Word of the Day


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an imaginary creature like a horse with a single long horn on its head

a plan or suggestion that is completely impossible to achieve

Origin and usage

The word unicorn came into English in the 13th century via Old French, from Latin and Greek roots. The literal meaning is ‘single horn’ from the Latin ‘uni’ plus ‘cornu’.


Anyone who has been shopping in the past few years will have noticed that unicorns as a decorative motif are everywhere. Adorning everything from cakes and toys to jewellery and clothing, they have become the go-to image for our time. While for many centuries the word referred simply to the mythical beast with a horn in its forehead, it has recently acquired other meanings. A unicorn or unicorn company is defined as a start-up whose value has reached $1 billion or higher in a short space of time, the idea being that such companies are so vanishingly rare as to be comparable to a non-existent creature. An even more recent meaning refers to a plan or suggestion that is completely impossible to achieve, but nevertheless continues to be bandied about by those with an interest in promoting it.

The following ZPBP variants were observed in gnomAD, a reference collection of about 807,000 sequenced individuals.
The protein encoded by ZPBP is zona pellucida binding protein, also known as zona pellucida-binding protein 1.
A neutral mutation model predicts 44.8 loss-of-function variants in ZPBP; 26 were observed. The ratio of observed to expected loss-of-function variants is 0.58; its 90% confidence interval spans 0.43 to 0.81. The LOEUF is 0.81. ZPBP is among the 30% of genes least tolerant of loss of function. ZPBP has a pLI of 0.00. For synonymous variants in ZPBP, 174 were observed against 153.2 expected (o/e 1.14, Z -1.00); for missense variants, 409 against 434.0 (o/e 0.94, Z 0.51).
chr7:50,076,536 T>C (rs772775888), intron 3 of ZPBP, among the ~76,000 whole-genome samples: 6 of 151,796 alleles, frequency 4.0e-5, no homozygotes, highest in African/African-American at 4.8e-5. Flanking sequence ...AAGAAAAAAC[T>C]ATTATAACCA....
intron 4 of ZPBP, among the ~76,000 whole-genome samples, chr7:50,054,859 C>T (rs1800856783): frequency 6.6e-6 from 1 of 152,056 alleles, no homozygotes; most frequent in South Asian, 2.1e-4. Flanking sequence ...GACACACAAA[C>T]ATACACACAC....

“I thought unicorns were more … Fluffy.”
(Terry Pratchett, Lords and Ladies)

“History suggests the 2010s will give rise to a super-unicorn or two that reflect the key tech wave of the decade, the mobile web.”
(Aileen Lee)

Related words

centaur, faun, satyr

View the full definition in the Macmillan Dictionary.

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Macmillan Dictionary

Macmillan Dictionary

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